7. Try energy therapy like Reiki or IET(Integrative Energy Therapy) from recommended, qualified practitioners as often as you can afford…up to 2x a week. It helped me tremendously.

  8. Listening to guided imagery and affirmation CDs such as those by Belleruth Naparstek. Try these to reduce stress. I even used Belleruth to fall asleep.

  9. Ask your doctor about inhalers if you have difficulty breathing.

  10. Talk to your doctor about your mood. I eventually sought psychological counseling. When my kind pulmonary doctor asked me how I was doing, and I started to cry, he prescribed medication for anxiety and/or depression (lexapro 10-15 mg).

  11. Even when nauseous, try to focus on nutrition. Try making healthy energy drinks with a good blender.  I made breakfast out of: organic Kefir; organic greens like kale, Swiss chard; organic frozen berries; bananas; and add a scoop of whey (for protein).  It was easier to get down than anything else when I was nauseous especially knowing it was so good for me. I continued drinking it long after my treatment.

  12. Consider consulting an integrative medical doctor who specializes in cancer patients. My doctor recommended 20mg of melatonin, and it helped with sleep. He can recommend other safe things to take that will not interfere with your treatment.

  13. Try consulting a Traditional Chinese Medicine doctor. I went To Dr. Wang when I had a recurrence scare two years ago. He mixed Chinese tea according to my symptoms. I still drink it twice a day.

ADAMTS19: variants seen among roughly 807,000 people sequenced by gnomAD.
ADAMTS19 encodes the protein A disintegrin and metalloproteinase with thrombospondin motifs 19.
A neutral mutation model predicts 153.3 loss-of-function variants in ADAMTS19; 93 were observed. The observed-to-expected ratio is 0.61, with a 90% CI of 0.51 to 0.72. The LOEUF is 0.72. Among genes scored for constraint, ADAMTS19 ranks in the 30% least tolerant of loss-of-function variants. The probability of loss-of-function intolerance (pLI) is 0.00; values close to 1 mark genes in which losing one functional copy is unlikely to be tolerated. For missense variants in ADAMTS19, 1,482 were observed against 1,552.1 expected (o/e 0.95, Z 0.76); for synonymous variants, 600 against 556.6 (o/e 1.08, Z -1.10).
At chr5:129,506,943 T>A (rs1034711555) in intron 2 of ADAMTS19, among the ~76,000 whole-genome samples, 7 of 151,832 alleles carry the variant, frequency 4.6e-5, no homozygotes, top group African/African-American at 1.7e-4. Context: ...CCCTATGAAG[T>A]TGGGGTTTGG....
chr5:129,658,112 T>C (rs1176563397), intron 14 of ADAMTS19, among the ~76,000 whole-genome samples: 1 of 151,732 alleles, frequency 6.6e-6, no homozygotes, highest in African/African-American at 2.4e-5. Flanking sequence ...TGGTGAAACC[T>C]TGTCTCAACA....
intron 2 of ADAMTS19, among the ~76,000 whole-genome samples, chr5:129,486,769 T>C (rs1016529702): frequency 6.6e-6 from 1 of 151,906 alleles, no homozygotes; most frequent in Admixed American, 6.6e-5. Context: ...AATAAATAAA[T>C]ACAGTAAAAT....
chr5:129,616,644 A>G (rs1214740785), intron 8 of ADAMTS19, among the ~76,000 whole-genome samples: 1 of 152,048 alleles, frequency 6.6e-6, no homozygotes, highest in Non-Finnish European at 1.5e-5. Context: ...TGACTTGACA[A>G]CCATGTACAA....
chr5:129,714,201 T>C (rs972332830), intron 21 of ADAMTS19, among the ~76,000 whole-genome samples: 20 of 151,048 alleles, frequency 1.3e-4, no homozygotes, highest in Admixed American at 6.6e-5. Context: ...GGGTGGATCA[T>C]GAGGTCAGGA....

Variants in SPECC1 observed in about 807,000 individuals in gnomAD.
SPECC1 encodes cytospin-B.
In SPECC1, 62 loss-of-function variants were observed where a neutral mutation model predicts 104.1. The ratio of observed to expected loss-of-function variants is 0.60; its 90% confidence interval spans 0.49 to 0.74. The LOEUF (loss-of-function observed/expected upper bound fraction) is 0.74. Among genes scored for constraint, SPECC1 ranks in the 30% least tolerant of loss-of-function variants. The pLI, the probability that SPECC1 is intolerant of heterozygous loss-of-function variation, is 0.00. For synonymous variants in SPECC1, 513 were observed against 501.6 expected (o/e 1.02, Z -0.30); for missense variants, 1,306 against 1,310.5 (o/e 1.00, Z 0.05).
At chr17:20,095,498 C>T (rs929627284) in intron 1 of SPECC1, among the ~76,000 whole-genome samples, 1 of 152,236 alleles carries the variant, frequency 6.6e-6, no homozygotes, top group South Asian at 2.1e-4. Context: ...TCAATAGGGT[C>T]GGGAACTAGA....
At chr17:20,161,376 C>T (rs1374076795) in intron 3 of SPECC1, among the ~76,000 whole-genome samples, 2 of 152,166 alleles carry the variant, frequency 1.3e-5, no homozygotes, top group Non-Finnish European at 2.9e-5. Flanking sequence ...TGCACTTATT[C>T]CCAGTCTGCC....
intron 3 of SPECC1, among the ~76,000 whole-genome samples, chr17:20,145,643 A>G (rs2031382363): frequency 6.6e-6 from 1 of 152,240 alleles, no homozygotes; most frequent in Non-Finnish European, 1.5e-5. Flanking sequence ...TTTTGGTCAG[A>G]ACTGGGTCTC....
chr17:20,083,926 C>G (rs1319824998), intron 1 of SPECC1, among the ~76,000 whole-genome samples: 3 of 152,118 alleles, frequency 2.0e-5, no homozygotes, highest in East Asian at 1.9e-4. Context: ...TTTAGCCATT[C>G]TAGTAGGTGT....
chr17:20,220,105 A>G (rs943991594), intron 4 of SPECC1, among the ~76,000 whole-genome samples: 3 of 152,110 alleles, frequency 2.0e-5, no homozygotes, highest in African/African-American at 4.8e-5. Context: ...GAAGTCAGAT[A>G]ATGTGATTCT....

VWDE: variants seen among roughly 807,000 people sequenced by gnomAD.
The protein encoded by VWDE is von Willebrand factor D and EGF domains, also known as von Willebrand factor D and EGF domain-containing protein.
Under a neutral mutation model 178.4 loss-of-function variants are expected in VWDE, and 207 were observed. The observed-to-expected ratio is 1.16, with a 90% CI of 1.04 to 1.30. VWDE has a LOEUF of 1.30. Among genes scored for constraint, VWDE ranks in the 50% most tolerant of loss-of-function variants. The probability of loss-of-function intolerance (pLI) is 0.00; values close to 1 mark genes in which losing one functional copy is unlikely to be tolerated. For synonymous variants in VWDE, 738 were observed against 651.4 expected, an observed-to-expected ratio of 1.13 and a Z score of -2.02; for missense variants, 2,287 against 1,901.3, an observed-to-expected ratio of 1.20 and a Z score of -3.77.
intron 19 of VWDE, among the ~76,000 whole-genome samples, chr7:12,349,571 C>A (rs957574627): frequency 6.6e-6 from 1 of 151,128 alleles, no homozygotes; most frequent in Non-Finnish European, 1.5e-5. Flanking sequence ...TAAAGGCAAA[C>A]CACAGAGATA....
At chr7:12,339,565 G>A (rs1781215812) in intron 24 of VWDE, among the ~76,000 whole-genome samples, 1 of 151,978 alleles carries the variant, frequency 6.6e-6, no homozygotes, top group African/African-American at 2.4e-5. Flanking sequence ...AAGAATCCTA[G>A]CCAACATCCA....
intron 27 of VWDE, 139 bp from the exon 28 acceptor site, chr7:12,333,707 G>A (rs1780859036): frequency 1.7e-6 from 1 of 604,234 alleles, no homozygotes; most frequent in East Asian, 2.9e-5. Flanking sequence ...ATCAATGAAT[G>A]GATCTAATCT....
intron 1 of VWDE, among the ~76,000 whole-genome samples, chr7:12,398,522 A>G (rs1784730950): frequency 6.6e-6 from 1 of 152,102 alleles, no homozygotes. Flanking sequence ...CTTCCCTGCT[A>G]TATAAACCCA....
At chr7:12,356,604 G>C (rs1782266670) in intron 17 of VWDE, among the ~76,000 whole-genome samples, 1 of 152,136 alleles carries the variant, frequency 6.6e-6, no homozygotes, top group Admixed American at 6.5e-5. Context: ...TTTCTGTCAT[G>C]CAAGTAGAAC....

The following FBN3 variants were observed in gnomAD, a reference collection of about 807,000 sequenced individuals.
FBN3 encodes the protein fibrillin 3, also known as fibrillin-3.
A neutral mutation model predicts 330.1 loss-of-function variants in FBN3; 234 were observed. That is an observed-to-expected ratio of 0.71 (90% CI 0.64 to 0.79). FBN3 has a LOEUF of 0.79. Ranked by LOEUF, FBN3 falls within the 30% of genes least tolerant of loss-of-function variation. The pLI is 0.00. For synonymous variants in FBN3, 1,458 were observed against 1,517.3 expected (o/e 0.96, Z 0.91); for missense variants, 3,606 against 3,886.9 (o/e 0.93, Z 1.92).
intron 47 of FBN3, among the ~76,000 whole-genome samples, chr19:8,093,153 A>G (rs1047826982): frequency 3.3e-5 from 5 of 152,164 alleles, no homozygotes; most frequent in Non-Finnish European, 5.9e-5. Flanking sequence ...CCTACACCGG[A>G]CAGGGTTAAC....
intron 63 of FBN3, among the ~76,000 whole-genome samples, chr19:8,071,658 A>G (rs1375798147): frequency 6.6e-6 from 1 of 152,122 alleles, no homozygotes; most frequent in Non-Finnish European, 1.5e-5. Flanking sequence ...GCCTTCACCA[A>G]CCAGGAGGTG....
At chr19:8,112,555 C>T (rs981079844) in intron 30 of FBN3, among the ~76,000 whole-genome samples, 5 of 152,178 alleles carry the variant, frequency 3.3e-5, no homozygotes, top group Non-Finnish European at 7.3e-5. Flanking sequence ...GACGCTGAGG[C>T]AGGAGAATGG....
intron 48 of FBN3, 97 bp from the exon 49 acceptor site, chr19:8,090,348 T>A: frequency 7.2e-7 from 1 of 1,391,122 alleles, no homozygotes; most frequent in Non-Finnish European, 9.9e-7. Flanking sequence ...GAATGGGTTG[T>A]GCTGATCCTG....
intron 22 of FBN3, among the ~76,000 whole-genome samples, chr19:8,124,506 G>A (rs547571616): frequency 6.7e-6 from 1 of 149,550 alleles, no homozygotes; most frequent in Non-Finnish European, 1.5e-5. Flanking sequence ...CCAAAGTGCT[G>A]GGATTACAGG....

14. Avoid germs by carrying a hand sanitizer in your pocket or handbag and car.(A natural one is EOS without harsh chemicals). Wash your hands to keep germs away after touching counter, escalators, elevator buttons and the like. Use it after shaking hands to avoid catching colds/flu. You never know who has a cold and you don’t want one.

  15. Try to watch uplifting or comedy TV shows and listen to upbeat or relaxing music.  It fills your environment with positive energy.

  16. Exercise. In fact, my doctor gave me some good advice.  Get off the couch and get into the pool or walk or try restorative or gentle yoga. It’s good for your lungs and keeps up your strength and self-confidence.

  17. Let friends or family help with feeding and caring for you and your family. One friend planted flowers in my garden because I couldn’t. My daughter hired a personal chef over the internet so my husband could eat healthy meals when I couldn’t eat much or handle the smell of food.   As time goes on you will gain strength and be able to eat better and breathe more easily.

  18. Nap during the day when you can. Don’t forget purposeful rest periods.

  19. Ask your doctor or the National Lung Cancer Partnership about new treatment options and clinical trials now available.

  20. Consider connecting to your religious heritage and/pray if it feels right.

  21. Tell your doctor about any complimentary medicine approaches you choose. My doctor wasn’t always supportive but I explained that helped me feel hopeful and empowered.

  22. Make plans: enjoy a visit from friends, visit relatives, go to the movies, travel, find a pet.

  23. Begin dreaming of what you want to do or accomplish in your life.  It’s very important to move toward your dreams and believe in your future one day at a time.